Thursday, 23 April 2009

wilderness poetry

I had the feeling that I blogged about Chinese rivers-and-mountains poetry before, but maybe that was on Lúcháir. Last year at the Callander poetry festival Larry Butler and Colin Will introduced me to the concept of 'wilderness poetry' and Larry recommended Mountain Home, an anthology of this sort of thing, edited and translated by David Hinton.

I loved it. It has a lot in common with what I'm trying to do with my 'gleam of light on water' poems - Hinton sums it up as 'clarity and simplicity, silence and open emptiness'. It is elegant and spare, full of beautiful natural images and profoundly philosophical, which I love.

The poems in this collection were written between 365 and 1206 - about contemporary with the late Latin and goliard poets of Europe. Both respond to major cultural and economic collapse by a retreat to rural solitude and reflection. Wang Wei reminds me a bit of Hilary of Poitiers, both on their rural farms, missing companions of their youth, both reflecting on loss and change.

The differences in philosophy seem less stark than you would first think. The school of Chartres and the Victorines would have had less bother with the 'ten thousand things' than your average post-Descartes twenty-first century thinker or post- Romantic poet. The chief difference, even with the greenest of us, is that we still tend to think and write about nature in the context of human needs and aspirations, whereas wilderness poetry puts the human firmly in the context of nature. Less alienating than haiku, less self-regarding than the Romantics, it offers a discipline of thought and response that I find very appealing. It's the nearest I get, in poetry, to the Irish tradition of sean nos singing.

The major difference I find between China and Europe is that in Europe poetry and philosophy fell into the hands of what seem, compared with the Chinese, very young and passionately enthusiastic people. The Chinese poets are older, more reflective, sometimes bitter, sometimes compassionate, often melancholy. By contrast the goliards seem relatively brash and immature, passionate, undisciplined, but fresh lively, adventurous. I'm going to learn a lot from the Chinese, but I think my heart is with the goliards.They sound a note which I don't get from Wilderness poetry, but which I need. Delight.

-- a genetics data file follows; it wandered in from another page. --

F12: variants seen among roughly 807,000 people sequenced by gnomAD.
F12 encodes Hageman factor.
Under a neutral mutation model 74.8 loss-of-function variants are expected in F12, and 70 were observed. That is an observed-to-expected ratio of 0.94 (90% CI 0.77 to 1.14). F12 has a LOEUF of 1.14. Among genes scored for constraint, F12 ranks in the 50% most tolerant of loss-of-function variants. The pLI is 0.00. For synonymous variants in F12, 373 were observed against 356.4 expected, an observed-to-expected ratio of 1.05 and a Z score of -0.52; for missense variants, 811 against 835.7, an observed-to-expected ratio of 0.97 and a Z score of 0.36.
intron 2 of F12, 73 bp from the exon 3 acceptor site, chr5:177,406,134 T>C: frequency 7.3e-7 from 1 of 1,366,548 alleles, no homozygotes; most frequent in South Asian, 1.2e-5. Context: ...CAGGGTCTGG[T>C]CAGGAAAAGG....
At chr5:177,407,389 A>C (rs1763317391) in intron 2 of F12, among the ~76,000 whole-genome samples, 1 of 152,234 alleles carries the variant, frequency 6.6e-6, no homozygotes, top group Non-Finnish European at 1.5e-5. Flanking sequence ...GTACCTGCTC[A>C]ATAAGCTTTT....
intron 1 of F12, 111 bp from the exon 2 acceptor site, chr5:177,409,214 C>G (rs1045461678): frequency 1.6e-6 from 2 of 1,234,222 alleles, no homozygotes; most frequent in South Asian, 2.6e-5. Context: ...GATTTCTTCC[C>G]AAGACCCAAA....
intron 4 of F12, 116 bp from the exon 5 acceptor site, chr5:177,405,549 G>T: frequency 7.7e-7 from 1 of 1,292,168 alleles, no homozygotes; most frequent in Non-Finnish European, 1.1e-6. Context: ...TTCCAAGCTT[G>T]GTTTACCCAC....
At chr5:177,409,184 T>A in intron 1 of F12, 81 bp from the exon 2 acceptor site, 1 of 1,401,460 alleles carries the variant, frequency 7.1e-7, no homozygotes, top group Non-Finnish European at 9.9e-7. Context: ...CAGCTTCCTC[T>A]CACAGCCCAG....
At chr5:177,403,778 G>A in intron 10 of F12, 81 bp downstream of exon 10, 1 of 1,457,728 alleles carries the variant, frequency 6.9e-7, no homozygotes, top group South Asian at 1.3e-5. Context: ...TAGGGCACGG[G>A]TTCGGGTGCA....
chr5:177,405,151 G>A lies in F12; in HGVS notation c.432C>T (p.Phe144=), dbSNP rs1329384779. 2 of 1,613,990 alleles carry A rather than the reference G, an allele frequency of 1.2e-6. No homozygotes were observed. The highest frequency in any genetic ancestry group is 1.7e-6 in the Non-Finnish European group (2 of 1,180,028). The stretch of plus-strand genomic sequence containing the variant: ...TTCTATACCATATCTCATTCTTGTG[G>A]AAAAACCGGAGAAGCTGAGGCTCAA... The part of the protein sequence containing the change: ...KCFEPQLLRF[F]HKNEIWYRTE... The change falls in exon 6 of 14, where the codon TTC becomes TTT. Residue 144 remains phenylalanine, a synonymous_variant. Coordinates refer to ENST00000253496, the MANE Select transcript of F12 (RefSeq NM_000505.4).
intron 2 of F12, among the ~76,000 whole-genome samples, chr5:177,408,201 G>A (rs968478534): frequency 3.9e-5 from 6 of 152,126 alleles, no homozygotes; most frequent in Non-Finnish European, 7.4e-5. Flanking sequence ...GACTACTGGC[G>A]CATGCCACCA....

Thursday, 2 April 2009

Digging for Bait

Picture by Paul Rimmer, a rock pool at Ardnamurchan.

This is one of the poems from The Eurydice Rising sequence, which was published in poetry Scotland last year. It has a lot of Shetland references because I was originally inspired by the Shetland ballad King Orfeo, (it's quoted in the first stanza), in which Orpheus is a piper, and actually gets Eurydice back. The title is also a Shetland reference. If you don't want to tell where you got your bait for fishing you would say Sjussamillabakka or stakamillabakka - as non-committal as you could get!

Digging for Bait

Da notes o’ joy.
Stakkamillabakka –
Da notes o’ noy.
Sjussamillabakka –
Da god gabber reel,
dat meicht ha’ made a sick hert hale.

Between the sea and the shore.
Stakkamillabakka –
Between the rocks and the shore.
Is where I got this poem,
On water-polished shingle, where the sea
Drains bubbling
Over ribbed and wrinkled sand
And popping bladderwrack.
I found it in a rock-pool, cold as shadow,
With a gull’s feather floating in it,
And a thin blue sheen of petrol
Hazed like a mussel shell.

Sjussamillabakka –
The place without landmarks.
Stakkamillabakka –
Don’t look back.
Sjussamillabakka –
Never the same place twice.